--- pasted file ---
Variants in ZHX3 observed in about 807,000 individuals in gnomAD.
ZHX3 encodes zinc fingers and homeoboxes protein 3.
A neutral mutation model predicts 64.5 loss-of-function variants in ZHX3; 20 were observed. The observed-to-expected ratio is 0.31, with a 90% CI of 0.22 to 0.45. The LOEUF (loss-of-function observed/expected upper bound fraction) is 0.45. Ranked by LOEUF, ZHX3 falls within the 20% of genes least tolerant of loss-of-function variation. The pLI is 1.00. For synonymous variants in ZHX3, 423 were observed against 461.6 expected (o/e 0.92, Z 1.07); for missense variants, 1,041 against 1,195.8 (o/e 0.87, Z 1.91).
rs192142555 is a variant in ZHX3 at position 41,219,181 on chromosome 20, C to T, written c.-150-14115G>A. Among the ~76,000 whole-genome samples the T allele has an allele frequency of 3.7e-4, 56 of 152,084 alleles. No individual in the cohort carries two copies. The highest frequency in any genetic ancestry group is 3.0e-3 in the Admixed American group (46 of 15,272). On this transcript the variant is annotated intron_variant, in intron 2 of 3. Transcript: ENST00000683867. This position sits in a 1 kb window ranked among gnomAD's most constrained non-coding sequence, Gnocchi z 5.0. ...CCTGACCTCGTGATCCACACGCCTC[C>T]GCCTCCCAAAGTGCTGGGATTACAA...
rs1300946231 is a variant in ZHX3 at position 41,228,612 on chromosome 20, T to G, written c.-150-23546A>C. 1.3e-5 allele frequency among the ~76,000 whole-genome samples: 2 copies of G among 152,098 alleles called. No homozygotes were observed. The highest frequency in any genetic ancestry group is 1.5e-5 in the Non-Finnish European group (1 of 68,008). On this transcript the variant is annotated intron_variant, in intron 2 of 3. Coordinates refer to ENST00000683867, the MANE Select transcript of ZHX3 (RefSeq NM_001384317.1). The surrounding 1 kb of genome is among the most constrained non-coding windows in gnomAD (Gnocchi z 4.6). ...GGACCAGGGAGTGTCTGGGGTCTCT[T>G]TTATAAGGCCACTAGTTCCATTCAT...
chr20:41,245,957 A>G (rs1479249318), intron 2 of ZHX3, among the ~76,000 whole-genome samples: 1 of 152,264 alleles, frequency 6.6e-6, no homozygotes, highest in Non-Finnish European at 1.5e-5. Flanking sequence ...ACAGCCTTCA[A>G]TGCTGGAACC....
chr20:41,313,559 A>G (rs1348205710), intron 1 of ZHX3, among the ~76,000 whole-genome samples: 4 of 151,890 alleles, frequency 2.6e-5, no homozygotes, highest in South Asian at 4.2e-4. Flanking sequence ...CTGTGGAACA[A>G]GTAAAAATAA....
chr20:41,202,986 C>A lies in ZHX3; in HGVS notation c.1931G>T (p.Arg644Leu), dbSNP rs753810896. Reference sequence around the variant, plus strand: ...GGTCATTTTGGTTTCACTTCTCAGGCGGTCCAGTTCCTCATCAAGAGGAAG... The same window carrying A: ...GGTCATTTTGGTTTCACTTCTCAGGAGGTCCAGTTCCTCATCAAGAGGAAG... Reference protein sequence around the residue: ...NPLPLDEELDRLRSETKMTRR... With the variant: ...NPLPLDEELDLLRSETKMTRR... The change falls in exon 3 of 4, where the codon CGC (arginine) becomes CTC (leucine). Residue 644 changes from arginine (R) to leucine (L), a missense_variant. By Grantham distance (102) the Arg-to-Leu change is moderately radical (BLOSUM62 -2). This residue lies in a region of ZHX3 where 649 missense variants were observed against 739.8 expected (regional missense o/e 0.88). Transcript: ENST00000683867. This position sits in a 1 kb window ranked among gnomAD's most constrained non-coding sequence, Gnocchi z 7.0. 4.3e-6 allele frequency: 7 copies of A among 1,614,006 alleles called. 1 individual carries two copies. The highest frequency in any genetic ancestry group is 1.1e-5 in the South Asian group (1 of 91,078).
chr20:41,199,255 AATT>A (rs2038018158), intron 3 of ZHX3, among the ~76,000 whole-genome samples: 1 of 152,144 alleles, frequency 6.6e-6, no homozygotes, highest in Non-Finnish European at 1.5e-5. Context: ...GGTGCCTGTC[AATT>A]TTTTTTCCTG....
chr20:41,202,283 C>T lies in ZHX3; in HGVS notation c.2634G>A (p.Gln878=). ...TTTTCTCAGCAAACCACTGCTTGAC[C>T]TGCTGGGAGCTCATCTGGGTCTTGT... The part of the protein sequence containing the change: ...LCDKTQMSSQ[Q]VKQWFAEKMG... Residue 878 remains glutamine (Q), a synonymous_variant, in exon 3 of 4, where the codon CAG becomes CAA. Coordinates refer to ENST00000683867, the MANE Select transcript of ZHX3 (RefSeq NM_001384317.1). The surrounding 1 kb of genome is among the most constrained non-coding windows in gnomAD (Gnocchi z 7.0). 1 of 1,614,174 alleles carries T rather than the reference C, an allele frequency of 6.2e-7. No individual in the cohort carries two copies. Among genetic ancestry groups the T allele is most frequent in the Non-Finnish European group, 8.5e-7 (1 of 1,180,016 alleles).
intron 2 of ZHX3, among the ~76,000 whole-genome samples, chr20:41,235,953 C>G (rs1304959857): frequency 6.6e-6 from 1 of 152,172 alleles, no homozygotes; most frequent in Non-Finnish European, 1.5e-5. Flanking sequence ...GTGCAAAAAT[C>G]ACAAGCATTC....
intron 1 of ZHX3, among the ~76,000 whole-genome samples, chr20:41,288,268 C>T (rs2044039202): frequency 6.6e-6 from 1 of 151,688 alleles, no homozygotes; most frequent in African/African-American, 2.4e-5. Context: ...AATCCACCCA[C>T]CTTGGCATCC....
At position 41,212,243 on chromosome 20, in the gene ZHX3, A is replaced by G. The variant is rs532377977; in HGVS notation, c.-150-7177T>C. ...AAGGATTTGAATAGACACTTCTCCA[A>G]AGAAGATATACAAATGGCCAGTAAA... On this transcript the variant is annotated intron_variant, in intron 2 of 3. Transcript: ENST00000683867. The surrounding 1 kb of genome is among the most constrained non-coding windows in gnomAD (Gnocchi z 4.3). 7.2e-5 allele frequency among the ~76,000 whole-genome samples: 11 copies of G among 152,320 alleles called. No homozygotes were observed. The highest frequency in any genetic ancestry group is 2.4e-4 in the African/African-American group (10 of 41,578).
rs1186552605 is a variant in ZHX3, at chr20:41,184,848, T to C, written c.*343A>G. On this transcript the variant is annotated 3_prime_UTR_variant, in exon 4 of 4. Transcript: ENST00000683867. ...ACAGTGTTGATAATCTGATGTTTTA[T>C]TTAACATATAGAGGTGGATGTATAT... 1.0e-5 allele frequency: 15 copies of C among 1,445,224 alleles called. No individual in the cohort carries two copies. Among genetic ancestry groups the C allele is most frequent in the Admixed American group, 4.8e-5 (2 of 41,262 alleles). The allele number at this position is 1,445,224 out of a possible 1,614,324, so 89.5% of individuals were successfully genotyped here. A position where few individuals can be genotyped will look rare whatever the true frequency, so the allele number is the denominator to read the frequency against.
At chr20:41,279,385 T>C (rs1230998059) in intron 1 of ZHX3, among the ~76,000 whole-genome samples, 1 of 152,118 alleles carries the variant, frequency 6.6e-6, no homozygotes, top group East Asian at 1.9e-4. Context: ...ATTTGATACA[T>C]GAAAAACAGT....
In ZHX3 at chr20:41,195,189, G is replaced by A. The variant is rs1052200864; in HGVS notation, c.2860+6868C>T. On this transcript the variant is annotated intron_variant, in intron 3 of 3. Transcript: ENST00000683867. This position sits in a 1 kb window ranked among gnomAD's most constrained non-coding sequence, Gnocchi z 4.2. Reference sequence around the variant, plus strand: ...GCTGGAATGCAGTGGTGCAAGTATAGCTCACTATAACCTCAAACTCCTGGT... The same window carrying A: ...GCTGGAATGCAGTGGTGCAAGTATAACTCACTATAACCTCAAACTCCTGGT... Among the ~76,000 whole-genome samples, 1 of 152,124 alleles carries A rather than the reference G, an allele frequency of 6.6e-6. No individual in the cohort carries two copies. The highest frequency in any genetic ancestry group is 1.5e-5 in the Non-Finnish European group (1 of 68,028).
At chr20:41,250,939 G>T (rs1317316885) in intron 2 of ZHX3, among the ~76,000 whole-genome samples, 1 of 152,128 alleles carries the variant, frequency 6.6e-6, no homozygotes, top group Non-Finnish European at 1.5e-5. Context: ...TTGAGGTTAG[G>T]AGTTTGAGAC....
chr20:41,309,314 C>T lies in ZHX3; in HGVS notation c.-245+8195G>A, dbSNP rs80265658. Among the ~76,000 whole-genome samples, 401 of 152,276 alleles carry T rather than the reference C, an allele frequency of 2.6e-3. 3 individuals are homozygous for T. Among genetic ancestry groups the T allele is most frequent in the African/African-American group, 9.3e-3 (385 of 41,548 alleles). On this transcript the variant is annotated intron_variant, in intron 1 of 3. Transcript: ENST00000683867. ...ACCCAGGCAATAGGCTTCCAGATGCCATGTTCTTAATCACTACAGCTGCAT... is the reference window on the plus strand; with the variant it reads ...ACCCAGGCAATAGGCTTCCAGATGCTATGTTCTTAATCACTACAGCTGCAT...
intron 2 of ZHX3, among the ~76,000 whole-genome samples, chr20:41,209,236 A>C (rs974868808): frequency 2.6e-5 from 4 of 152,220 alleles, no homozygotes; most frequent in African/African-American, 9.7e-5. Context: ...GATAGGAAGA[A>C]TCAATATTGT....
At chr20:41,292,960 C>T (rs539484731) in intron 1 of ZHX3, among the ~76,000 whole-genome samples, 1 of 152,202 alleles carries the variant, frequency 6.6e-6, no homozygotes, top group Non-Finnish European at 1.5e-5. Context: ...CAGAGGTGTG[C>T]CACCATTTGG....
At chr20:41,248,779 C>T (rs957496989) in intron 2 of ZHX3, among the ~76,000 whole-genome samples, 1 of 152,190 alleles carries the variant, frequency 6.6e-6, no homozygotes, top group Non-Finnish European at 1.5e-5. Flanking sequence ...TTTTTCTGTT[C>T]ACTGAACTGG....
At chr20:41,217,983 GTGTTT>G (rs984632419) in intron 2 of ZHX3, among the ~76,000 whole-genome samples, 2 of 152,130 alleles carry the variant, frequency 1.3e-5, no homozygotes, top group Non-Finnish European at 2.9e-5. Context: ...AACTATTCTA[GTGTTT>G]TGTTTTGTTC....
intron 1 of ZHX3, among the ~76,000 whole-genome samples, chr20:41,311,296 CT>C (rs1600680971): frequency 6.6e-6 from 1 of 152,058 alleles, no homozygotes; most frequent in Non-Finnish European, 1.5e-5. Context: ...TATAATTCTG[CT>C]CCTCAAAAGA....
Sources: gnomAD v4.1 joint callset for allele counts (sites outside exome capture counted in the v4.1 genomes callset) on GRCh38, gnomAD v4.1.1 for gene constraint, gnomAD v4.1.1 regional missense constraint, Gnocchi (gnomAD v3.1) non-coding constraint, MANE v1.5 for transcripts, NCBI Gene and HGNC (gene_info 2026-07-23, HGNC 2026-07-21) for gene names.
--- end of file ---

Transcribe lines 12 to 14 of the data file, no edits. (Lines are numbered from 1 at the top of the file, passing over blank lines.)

intron 1 of ZHX3, among the ~76,000 whole-genome samples, chr20:41,288,268 C>T (rs2044039202): frequency 6.6e-6 from 1 of 151,688 alleles, no homozygotes; most frequent in African/African-American, 2.4e-5. Context: ...AATCCACCCA[C>T]CTTGGCATCC....
At position 41,212,243 on chromosome 20, in the gene ZHX3, A is replaced by G. The variant is rs532377977; in HGVS notation, c.-150-7177T>C. ...AAGGATTTGAATAGACACTTCTCCA[A>G]AGAAGATATACAAATGGCCAGTAAA... On this transcript the variant is annotated intron_variant, in intron 2 of 3. Transcript: ENST00000683867. The surrounding 1 kb of genome is among the most constrained non-coding windows in gnomAD (Gnocchi z 4.3). 7.2e-5 allele frequency among the ~76,000 whole-genome samples: 11 copies of G among 152,320 alleles called. No homozygotes were observed. The highest frequency in any genetic ancestry group is 2.4e-4 in the African/African-American group (10 of 41,578).
rs1186552605 is a variant in ZHX3, at chr20:41,184,848, T to C, written c.*343A>G. On this transcript the variant is annotated 3_prime_UTR_variant, in exon 4 of 4. Transcript: ENST00000683867. ...ACAGTGTTGATAATCTGATGTTTTA[T>C]TTAACATATAGAGGTGGATGTATAT... 1.0e-5 allele frequency: 15 copies of C among 1,445,224 alleles called. No individual in the cohort carries two copies. Among genetic ancestry groups the C allele is most frequent in the Admixed American group, 4.8e-5 (2 of 41,262 alleles). The allele number at this position is 1,445,224 out of a possible 1,614,324, so 89.5% of individuals were successfully genotyped here. A position where few individuals can be genotyped will look rare whatever the true frequency, so the allele number is the denominator to read the frequency against.